"I am well aware, June," he said, "that I am older than you by ten or twelve years, but I bring you a heart that is unsoiled. I have never loved any other woman.
"Now, I do not want to rush you off your feet, but I am sure you will never find a heart more faithful than mine --"
It had happened that Uncle Peter had seated himself when he entered the living room and, almost as characteristically, June had gone to stand by the window. As he spoke she stood with her face partially turned away, looking out of the window but picking at the leaf of a Boston fern that stood there. Now she came toward him with a few swift steps, but she stopped halfway with a gesture of sympathy and regret.
"I'm sorry -- so sorry, Peter dear -- but it cannot be. I like you. I do like you, Peter," she said, "but you mustn't say any more. You mustn't ask me what you were going to ask me, or tell me what you were going to tell me. Please!"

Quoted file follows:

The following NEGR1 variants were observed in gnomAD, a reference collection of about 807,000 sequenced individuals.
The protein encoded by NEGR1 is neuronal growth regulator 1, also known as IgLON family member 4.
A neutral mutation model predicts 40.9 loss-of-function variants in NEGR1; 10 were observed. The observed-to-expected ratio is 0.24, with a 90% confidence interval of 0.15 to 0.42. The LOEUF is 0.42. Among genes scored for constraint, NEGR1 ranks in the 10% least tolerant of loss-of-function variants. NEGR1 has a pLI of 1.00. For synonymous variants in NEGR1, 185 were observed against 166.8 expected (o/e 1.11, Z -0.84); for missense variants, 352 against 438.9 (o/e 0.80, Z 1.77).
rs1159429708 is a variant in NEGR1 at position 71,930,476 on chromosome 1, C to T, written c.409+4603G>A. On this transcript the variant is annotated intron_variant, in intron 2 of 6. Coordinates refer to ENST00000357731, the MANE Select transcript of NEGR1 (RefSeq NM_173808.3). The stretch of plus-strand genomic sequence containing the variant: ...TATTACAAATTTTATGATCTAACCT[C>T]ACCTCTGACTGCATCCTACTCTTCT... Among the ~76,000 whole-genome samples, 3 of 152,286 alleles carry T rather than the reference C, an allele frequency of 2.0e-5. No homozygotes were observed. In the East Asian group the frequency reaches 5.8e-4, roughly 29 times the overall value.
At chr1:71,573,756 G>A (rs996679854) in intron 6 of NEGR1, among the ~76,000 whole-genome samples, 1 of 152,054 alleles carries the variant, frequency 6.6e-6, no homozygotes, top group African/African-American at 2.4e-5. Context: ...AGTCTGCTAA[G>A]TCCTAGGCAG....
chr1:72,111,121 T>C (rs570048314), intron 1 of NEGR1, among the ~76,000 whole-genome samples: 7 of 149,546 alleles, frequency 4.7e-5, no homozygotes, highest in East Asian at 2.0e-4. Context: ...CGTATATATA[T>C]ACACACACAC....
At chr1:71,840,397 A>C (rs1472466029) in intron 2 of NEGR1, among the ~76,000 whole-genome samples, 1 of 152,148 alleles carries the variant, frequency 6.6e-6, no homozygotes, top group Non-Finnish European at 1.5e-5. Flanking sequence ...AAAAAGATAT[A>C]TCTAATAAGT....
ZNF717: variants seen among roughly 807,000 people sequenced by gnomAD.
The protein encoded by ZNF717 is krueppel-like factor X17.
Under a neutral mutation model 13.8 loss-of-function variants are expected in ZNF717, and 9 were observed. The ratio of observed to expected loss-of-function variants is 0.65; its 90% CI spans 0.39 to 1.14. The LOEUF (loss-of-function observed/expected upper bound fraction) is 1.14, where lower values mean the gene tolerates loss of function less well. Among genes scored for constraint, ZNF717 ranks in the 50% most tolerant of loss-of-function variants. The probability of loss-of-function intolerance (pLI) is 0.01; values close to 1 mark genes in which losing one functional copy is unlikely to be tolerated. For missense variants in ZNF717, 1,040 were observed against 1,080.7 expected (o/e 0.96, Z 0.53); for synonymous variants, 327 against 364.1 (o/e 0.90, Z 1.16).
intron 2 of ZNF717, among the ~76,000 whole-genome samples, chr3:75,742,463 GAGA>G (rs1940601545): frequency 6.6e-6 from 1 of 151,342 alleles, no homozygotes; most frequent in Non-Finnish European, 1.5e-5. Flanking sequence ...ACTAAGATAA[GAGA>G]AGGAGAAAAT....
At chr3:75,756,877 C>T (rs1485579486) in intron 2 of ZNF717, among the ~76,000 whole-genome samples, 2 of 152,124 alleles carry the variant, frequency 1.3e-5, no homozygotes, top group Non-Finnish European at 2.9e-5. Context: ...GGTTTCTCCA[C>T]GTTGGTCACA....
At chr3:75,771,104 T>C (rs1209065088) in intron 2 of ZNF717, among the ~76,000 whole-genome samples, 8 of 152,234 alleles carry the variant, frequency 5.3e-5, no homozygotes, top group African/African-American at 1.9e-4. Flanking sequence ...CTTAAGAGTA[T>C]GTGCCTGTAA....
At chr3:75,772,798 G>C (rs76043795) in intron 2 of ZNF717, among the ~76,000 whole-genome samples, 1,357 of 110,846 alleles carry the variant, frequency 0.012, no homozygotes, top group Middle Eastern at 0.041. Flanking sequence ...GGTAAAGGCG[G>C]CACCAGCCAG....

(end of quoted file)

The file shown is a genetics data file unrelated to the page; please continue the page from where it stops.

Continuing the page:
Peter looked up into her face.
"Well, of course --" he said, meaning that if it was impossible he knew it was impossible, but that his intentions had been good.
"It's just, that -- Well, you're not the man I could marry, I'm afraid," said June. "You're so -- I mean, I'm so --"
Peter closed his eyes and drew a deep breath, for he was giving up a great deal; he was giving up almost everything he seemed to care for at the moment. Then he opened his eyes and looked at June again.
"It's all right," he said, trying to smile.
Then, quite suddenly, June put her hands against her face, hiding her eyes.
"Ah!" she exclaimed. She hurried to the door. "I -- I think that's all, Peter," she said hurriedly. "I'm sorry. I -- I think I'd better go up to my room. I -- I'm silly – I'm going to cry." She laughed, rather hysterically. Good ni -- good-by, Peter. You'll look after Billy Brad till they come home? I -- oh!"